We need to take our game to next levels | From the Press Box with Melanie Whelan

ACTION: Players like Bacchus Marsh captain Scott Sherlock, a former Victorian Football League footballers, wear the BFL jumper with pride in interleague clashes. Picture: Dylan Burns
ACTION: Players like Bacchus Marsh captain Scott Sherlock, a former Victorian Football League footballers, wear the BFL jumper with pride in interleague clashes. Picture: Dylan Burns

AFL Victoria is again dangling an impressive carrot to boost interleague football. But the real factor to inject more excitement and enticement in the concept needs to be set at the game’s highest level.

Ballarat Football League has a chance to showcase its best players on the MCG in an AFL Country Game on Saturday. In an exhibition-style contest, the BFL will take on Goulburn Valley Football League in an AFL curtain-raiser to Essendon and Melbourne.

Yet a parochial best-of battle in the AFL has long since petered out.

State of Origin is huge in rugby league but in AFL, what once was a highly emotive clash of legends is now mere folklore that died out, bogged down in the commercial business of the game.

This serves up legitimate concerns in the grassroots where the standard set at the highest levels filters down. Country clubs, like AFL, have good money on the line when it comes to star power. Why should a player risk getting injured or exacerbating a niggle? In a hectic, modern world, why not simply enjoy the weekend’s break to spend time with family and friends or to rest your body?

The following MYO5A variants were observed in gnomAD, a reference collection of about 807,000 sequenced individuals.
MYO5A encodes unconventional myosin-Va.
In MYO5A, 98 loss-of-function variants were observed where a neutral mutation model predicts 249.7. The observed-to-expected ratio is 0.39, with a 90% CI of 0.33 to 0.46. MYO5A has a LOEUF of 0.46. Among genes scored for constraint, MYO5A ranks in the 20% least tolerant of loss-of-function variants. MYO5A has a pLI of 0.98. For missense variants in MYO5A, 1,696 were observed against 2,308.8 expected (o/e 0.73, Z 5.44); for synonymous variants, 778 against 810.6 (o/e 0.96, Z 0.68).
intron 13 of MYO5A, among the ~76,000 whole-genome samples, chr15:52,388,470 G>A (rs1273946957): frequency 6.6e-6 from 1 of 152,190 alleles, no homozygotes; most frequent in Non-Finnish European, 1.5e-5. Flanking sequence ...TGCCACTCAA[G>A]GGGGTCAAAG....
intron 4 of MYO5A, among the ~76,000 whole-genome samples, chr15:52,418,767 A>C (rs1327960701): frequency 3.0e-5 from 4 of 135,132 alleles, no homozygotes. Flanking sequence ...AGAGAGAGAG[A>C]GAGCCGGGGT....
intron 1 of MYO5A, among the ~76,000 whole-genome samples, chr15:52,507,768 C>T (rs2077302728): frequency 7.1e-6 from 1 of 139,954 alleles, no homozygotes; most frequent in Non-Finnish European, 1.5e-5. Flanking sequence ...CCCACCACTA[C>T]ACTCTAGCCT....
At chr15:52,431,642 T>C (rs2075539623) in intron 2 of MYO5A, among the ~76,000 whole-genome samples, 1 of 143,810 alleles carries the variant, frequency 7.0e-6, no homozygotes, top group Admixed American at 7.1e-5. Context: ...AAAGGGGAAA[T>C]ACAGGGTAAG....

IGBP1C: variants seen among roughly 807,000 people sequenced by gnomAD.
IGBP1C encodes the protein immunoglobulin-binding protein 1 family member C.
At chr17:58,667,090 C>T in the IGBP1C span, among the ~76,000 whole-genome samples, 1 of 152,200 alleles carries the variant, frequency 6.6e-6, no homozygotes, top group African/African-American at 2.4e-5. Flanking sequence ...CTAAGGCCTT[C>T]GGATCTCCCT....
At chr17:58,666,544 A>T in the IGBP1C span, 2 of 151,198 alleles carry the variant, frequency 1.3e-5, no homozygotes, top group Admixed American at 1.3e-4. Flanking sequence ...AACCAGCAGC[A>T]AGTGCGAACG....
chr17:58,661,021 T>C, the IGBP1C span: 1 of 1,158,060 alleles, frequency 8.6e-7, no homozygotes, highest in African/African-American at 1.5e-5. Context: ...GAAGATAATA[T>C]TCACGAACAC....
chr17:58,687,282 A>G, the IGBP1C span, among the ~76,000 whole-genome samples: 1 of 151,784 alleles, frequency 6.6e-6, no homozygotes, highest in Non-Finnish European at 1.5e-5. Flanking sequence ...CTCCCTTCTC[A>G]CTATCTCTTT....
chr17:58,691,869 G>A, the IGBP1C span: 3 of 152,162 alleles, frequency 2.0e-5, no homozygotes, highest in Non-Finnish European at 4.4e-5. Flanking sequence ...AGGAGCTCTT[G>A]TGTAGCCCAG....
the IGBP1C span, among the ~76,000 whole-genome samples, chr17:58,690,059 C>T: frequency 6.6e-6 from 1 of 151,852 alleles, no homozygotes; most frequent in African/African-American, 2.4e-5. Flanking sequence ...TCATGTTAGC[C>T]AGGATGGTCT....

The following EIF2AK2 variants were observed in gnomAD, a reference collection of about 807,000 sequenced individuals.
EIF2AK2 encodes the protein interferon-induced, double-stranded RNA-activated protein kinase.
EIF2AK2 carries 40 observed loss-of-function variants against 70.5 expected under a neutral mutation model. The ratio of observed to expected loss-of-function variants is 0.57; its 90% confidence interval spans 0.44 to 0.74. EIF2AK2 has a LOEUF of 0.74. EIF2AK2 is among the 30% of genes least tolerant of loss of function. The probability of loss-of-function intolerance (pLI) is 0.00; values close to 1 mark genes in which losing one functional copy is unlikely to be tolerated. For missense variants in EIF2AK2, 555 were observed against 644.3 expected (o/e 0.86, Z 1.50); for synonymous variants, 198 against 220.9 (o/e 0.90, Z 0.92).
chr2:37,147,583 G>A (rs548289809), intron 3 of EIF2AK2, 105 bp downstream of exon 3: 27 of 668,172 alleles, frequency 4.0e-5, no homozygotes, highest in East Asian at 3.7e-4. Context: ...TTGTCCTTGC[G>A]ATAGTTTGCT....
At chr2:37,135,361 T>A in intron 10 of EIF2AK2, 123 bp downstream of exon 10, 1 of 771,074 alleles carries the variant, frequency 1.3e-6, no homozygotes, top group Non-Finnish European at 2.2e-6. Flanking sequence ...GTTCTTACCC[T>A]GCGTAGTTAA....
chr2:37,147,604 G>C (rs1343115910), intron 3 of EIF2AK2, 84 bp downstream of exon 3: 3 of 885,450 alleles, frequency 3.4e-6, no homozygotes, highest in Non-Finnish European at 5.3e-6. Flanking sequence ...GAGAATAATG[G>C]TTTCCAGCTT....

Why put your body on the line?

To revitalise the whole concept, we need buy-in from the AFL and AFL clubs in some all-star form - even if in an end-of-season special like the American NFL Pro Bowl in Hawaii.

A rebooted International Rules series is hardly the same as the best in the nation pulling on the Big V.

This is the third year of a revamped AFL Victoria Community Championships interleague concept. For those who dare to wear the league jumper, there is strong pride.

LEADERS: BFL coach Shaun O'Loughlin with Sebastopol's Tony Lockyer, a former VFL defender, who will get his first chance to play on the MCG. Picture: Lachlan Bence

LEADERS: BFL coach Shaun O'Loughlin with Sebastopol's Tony Lockyer, a former VFL defender, who will get his first chance to play on the MCG. Picture: Lachlan Bence

Interleague is about training and playing alongside the best in your league against that of another. This is a chance for players to push their games to another level and learn from each other. At the core, what players take back to their club from the experience should help to make the league stronger.

Footballers lining up in the BFL guernsey this weekend have an incredible opportunity many players can only dream about – playing football on the game’s most hallowed ground.

Retired AFL 300-gamer Drew Petrie played his first match at the MCG under lights in year 11 with St Patrick’s College in schoolboys’ MCC-Herald Sun Shield final. It is an experience still so vivid in his memory and hopefully will be just as special for our region’s top senior footballers.

Reflecting in a column for The Courier in 2011, Petrie recounts a largely empty stadium, but this did not matter: “The St Pats’ war cry echoed about the whole stadium...It was a great thrill to jump into the crowd at the end of the match and celebrate with them.”

Undoubtedly the BFL could draw a larger, parochial crowd at home – a prime example will be in Buninyong for the Central Highlands’ clash against Riddell District. But playing at the MCG, as the highest ranked all-country league match, will also be an incredible reward for BFL players who dare to test their game.

If only the AFL would dare to take its game to the next level too.